General Question

Jeruba's avatar

Jellies in and around Texas: are you ok? Please check in.

Asked by Jeruba (55880points) February 15th, 2021

“Blackouts triggered by frigid weather have spread to more than four million homes and businesses across the central U.S. and extended into Mexico in a deepening energy crisis that’s already crippled the Texas power grid.”

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14 Answers

Nomore_lockout's avatar

All good here. Thanks….

smudges's avatar

My sister’s in Houston and so far she has power. No telling how long it will last. She texted that “The power generators have stopped generating power.” Not sure what that means.

Hawaii_Jake's avatar

My son, his wife, and their daughter are in northern Texas. They reported that the power has been going off and on all day. It is, of course, outrageously cold outside. My son is a fuel truck driver, and we’re all praying he doesn’t have to drive tomorrow.

Yellowdog's avatar

Minus two degrees here in Memphis, Texas—still have power but its colder indoors that I can handle.

Zaku's avatar

I know someone in the Austin area who reports having no power, and being cold…

Strauss's avatar

BIL near San Antonio…4°F and 4” of snow. No heat, huddled under blankets sharing body warmth.

Jeruba's avatar

At least you’re all able to keep in contact with your folks—right? That’s still working, I hope.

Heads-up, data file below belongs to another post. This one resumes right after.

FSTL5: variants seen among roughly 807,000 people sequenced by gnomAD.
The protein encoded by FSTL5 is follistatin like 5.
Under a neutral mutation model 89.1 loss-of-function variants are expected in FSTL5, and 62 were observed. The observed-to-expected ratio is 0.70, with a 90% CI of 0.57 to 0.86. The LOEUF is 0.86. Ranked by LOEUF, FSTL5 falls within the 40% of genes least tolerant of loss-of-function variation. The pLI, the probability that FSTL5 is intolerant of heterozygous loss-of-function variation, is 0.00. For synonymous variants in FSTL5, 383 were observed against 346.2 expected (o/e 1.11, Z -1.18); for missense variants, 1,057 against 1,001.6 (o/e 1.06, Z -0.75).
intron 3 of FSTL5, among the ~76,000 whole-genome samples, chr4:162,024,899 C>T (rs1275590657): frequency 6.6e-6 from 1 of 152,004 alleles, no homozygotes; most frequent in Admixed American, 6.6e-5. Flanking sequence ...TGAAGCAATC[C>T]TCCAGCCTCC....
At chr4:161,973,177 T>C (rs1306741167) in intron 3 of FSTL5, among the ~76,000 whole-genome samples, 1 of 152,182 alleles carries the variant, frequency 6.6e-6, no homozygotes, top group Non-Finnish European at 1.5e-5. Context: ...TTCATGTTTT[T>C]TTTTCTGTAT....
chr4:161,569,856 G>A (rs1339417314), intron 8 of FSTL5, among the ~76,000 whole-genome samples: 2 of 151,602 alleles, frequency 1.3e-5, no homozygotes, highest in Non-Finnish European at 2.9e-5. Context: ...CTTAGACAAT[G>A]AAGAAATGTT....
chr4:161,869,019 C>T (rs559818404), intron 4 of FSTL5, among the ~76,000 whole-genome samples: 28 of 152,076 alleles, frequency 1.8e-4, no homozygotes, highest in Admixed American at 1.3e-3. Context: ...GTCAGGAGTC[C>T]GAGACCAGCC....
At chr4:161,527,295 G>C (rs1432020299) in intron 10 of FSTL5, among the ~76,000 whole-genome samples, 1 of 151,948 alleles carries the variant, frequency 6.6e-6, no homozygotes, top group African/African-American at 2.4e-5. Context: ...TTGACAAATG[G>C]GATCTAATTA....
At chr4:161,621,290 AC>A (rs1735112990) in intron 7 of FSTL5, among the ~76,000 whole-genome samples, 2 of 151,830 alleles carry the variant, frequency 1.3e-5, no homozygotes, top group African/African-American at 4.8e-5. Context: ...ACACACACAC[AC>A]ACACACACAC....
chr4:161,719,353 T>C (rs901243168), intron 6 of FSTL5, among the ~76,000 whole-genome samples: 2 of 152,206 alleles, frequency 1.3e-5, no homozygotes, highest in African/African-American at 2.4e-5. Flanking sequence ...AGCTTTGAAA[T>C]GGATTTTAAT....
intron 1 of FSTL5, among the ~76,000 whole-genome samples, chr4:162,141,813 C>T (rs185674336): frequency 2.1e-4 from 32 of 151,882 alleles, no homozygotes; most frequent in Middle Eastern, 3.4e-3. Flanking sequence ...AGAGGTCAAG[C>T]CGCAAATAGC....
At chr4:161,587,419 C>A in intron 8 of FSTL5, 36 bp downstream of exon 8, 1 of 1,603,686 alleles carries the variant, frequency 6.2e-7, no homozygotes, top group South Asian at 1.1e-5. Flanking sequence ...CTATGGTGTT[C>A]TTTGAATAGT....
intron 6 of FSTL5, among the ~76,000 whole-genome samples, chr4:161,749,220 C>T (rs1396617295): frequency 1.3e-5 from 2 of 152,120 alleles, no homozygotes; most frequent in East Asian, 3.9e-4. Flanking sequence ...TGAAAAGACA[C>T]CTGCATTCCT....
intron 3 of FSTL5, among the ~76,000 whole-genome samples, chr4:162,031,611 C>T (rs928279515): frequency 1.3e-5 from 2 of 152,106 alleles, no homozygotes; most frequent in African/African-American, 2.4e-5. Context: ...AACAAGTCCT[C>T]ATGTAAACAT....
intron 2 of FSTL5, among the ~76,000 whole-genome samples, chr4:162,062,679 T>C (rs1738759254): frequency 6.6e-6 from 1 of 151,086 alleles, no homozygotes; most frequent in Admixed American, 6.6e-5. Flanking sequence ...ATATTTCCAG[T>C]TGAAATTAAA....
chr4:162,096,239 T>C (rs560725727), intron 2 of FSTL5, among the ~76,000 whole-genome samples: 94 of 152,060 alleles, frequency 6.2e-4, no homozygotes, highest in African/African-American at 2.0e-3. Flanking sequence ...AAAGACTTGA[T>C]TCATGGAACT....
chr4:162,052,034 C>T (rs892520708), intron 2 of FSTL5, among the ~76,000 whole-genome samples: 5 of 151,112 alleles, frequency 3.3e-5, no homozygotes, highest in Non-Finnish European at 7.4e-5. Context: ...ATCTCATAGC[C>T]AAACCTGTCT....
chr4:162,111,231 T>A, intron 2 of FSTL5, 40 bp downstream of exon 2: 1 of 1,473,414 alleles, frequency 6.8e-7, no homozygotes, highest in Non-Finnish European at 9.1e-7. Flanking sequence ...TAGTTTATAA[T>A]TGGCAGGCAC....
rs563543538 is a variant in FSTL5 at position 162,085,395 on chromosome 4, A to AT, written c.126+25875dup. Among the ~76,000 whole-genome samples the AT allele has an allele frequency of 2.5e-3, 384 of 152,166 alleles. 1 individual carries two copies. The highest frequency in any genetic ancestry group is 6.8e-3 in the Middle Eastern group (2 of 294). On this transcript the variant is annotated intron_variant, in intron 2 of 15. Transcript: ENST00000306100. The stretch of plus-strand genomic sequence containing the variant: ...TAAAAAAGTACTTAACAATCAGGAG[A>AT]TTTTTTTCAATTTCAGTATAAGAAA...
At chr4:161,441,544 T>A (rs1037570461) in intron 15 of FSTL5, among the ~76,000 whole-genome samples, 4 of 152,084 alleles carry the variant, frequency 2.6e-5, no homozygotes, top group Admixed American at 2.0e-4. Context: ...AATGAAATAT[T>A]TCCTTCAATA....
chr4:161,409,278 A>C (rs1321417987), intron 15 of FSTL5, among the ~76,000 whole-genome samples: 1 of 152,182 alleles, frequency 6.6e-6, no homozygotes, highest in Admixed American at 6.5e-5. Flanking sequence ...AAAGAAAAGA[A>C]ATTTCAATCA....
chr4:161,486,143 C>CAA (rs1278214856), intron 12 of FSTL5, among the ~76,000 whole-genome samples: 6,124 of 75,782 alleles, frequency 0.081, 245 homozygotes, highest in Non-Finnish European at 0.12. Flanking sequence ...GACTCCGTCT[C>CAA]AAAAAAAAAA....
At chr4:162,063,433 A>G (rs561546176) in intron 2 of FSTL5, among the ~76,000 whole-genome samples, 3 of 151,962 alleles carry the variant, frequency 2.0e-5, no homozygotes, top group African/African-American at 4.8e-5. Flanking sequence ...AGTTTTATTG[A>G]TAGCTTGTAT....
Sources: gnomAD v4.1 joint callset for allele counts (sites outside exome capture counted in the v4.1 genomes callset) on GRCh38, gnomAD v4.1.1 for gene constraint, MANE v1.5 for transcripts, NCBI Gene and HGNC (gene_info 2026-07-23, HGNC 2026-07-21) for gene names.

@Yellowdog, you’re in Texas? I thought it was the other Memphis. Do you guys even have woollen mittens to put on? Or are most people just not prepared for temperatures like that?

Do remember not to use your gas stove for heat.

Yellowdog's avatar

Actually, yes—I am in Tennessee.. But I lived in Memphis, Texas in 2007–2009 when working for The Clarendon Enterprise newspaper. The northern part of Texas, with whom I am still in pretty good contact, say they are not suffering the power outages further south in places like Houston, where over one million are without power.

But no one, even in Memphis, Texas—is equipped to handle the snow and ice—salt, snow plows, etc etc or cold temperatures that are actually several degrees below zero.

Frozen wind turbines, which supply about 23% of Texas’ power, are to blame for the power shortages. Although this weather is rare and would not normally be a problem—a gas- and oil rich state like Texas should not have this problem. We are not ready to shut down our gas / oil / coal infrastructure until viable alternatives can be found—and oil should always be available for back-up in times like these.

Frozen turbines and dark winter days with long periods of overcast skies do not make the current green energy sources sufficient by themselves, but they should be used whenever possible,

RocketGuy's avatar

My friend in Houston said her house had no power for 36 hours. Temp went down to 48F. Power is intermittent now.

Hawaii_Jake's avatar

I actually know where Memphis, Texas is. I’ve driven through it numerous times as a child.

The pipes in my son’s apartment burst. It’s flooded. Everything is ruined.

Tropical_Willie's avatar

Sorry to hear that Jake.

Yellowdog's avatar

I’ve lived in both Memphis Texas and Memphis, Tennessee. Texas is actually colder right now, about five degrees so. Nights here in Tennessee, just before dawn, are about one degree and in Texas are minus two. Even Pensacola, Florida, where I have also lived, is in the 30s. People aren’t used to this at all.

Jeruba's avatar

Oh, Jake, how awful. I’m sorry. Do they have someplace to go?

Hawaii_Jake's avatar

Yes, they’re at my daughter-in-law’s sister’s house.

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